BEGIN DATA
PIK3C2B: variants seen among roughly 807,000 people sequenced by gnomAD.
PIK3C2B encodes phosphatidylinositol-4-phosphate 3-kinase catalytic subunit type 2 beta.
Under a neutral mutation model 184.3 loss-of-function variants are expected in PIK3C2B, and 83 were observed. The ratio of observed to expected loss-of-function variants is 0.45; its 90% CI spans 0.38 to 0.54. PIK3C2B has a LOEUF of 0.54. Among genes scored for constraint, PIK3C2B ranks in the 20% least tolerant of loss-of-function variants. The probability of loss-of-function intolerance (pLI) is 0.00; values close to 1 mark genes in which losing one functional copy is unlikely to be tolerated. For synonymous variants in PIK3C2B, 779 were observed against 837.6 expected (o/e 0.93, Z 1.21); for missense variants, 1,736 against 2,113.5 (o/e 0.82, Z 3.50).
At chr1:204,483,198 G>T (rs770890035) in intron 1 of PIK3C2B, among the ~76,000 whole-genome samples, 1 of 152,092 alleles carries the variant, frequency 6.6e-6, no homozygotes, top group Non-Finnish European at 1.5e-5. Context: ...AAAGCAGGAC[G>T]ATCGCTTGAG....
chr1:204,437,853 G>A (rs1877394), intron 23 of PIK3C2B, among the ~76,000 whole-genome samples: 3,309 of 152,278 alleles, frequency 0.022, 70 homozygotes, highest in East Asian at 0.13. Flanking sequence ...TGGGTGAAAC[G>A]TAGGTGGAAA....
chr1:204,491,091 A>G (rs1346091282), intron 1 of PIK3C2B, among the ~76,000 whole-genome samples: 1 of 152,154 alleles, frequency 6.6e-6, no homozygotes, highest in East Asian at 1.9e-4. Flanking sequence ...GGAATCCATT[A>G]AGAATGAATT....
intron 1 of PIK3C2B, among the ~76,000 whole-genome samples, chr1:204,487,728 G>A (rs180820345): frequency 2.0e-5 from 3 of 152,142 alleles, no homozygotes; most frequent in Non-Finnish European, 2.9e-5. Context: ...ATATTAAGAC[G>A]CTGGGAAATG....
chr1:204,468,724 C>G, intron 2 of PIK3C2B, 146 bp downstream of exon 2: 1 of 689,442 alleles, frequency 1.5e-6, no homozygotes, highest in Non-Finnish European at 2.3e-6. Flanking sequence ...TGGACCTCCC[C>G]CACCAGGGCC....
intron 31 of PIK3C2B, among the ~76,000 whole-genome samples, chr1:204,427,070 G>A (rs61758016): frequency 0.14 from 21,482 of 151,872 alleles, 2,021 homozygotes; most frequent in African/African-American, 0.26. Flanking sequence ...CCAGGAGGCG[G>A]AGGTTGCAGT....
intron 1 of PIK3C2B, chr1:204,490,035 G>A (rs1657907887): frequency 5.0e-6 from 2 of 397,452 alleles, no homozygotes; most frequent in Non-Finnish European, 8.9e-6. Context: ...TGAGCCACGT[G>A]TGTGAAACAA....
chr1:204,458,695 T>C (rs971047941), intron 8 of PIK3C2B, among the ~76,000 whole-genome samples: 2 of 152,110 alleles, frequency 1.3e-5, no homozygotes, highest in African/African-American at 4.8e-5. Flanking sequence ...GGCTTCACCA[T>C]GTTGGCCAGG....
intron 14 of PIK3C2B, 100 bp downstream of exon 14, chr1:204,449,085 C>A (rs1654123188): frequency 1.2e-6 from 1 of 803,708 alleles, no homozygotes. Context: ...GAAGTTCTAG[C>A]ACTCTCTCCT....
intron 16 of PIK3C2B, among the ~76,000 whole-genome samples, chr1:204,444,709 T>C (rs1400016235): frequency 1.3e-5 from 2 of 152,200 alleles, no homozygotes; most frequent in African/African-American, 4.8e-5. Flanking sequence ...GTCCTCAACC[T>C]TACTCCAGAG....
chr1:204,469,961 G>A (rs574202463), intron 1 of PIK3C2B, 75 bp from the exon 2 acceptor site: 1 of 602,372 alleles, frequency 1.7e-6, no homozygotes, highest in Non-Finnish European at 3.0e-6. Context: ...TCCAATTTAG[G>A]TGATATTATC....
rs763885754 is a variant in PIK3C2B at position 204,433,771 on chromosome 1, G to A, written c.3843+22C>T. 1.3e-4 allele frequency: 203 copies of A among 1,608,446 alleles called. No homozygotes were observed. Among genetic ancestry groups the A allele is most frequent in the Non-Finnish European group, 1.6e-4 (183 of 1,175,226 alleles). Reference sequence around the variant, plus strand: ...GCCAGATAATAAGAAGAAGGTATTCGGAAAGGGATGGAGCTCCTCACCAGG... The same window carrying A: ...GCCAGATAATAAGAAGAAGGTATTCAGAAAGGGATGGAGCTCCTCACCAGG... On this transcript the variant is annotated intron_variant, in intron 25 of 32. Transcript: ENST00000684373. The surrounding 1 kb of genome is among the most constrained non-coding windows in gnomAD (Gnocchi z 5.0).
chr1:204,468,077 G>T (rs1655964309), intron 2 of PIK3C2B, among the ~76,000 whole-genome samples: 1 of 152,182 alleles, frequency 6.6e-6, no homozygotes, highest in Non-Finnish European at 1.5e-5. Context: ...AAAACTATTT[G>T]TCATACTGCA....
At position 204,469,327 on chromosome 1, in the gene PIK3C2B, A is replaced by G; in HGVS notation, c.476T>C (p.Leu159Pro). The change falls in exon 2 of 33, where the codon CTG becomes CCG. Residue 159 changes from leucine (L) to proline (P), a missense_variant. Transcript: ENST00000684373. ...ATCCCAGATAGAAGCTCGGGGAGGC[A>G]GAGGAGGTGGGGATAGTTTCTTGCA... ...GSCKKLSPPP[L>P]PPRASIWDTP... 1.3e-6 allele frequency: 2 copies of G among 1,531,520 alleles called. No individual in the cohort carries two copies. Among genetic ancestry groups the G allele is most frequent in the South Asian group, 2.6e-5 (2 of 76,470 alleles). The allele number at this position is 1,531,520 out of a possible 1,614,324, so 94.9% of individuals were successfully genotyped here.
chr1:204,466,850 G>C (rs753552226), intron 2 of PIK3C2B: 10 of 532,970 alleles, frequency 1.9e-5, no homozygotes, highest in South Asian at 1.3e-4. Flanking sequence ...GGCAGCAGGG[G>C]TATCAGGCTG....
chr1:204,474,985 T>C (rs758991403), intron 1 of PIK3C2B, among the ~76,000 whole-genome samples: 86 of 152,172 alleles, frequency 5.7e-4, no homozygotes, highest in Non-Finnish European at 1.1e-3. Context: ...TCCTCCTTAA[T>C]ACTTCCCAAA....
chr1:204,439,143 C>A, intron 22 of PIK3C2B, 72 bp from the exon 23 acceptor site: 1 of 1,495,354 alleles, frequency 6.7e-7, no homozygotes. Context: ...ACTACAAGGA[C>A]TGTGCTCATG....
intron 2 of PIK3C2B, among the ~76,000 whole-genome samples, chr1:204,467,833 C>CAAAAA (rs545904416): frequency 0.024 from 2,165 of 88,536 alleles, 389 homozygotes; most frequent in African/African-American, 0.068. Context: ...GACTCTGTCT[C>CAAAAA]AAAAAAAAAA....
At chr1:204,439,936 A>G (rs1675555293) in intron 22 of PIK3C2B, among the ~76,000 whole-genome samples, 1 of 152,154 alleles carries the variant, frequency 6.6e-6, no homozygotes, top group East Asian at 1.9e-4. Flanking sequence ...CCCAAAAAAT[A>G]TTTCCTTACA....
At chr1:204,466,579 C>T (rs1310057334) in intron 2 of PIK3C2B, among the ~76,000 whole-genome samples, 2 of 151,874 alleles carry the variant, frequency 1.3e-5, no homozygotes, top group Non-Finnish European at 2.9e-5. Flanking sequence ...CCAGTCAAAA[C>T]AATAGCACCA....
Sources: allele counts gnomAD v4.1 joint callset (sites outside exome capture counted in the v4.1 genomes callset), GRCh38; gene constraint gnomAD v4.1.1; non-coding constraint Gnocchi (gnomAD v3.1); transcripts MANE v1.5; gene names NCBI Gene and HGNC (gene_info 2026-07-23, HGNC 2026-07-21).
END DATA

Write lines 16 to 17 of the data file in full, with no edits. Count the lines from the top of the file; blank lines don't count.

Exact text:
chr1:204,468,077 G>T (rs1655964309), intron 2 of PIK3C2B, among the ~76,000 whole-genome samples: 1 of 152,182 alleles, frequency 6.6e-6, no homozygotes, highest in Non-Finnish European at 1.5e-5. Context: ...AAAACTATTT[G>T]TCATACTGCA....
At position 204,469,327 on chromosome 1, in the gene PIK3C2B, A is replaced by G; in HGVS notation, c.476T>C (p.Leu159Pro). The change falls in exon 2 of 33, where the codon CTG becomes CCG. Residue 159 changes from leucine (L) to proline (P), a missense_variant. Transcript: ENST00000684373. ...ATCCCAGATAGAAGCTCGGGGAGGC[A>G]GAGGAGGTGGGGATAGTTTCTTGCA... ...GSCKKLSPPP[L>P]PPRASIWDTP... 1.3e-6 allele frequency: 2 copies of G among 1,531,520 alleles called. No individual in the cohort carries two copies. Among genetic ancestry groups the G allele is most frequent in the South Asian group, 2.6e-5 (2 of 76,470 alleles). The allele number at this position is 1,531,520 out of a possible 1,614,324, so 94.9% of individuals were successfully genotyped here.